xviii, 185p., Plts., Tables, 26 cm. (Culture and Development No.4)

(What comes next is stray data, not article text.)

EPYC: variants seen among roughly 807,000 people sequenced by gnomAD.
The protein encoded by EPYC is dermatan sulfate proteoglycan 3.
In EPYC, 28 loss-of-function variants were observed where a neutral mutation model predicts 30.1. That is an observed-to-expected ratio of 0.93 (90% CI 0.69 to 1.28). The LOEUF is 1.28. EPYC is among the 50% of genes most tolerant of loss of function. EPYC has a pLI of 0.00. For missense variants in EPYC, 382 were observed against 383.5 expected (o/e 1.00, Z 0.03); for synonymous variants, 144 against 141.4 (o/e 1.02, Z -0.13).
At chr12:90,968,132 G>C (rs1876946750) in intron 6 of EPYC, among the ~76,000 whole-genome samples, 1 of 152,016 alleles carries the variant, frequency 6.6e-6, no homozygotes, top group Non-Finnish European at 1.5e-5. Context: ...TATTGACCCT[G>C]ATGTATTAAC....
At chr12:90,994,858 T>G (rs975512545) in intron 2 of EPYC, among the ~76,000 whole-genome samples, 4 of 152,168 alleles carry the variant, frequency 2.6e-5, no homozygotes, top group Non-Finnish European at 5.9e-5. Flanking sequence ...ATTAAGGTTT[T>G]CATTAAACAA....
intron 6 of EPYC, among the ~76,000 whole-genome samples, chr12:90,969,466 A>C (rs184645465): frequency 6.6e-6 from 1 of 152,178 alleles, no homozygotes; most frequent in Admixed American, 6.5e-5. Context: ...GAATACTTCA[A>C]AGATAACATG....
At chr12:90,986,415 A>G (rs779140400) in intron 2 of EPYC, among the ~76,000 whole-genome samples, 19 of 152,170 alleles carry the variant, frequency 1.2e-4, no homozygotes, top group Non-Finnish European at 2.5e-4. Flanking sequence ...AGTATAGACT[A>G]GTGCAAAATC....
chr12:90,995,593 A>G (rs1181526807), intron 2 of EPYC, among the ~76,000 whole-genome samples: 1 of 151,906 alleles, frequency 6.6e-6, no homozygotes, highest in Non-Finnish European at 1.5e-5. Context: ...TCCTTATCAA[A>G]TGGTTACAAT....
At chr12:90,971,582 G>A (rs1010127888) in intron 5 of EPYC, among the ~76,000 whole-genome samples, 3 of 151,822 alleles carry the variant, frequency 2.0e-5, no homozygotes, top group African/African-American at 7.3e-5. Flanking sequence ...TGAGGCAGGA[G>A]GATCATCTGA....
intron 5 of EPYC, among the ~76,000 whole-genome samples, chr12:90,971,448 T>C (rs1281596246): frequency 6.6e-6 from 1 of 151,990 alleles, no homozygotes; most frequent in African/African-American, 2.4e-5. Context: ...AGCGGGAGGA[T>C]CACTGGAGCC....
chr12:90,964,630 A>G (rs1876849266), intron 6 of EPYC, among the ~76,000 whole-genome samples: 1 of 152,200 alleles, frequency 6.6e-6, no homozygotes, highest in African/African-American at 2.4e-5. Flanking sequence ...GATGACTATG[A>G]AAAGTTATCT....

Urbanization. Industrialization. Market Economy. Technocentric lifestyles. Degenerated consumerism. Air, water and land pollutions. These are some of the telltale expressions, recuringly surfacing in the concerns about ecological disturbances across the continents. Today, however, as we are headed for an ecological disaster, there is not only a growing awareness against the 'cornucopian technocentrism', but also a far-stretched disillusionment with the one-way exploitative, economic development. And even the national planner are being questioned: Can the law of a nation supersede the law of nature? Should the rights o the people be allowed to be destructively manipulated by the rules of power? Must the wisdom-tradition of our ancestors be shelved to accommodate the flagrant hypocrisies of the planning tradition?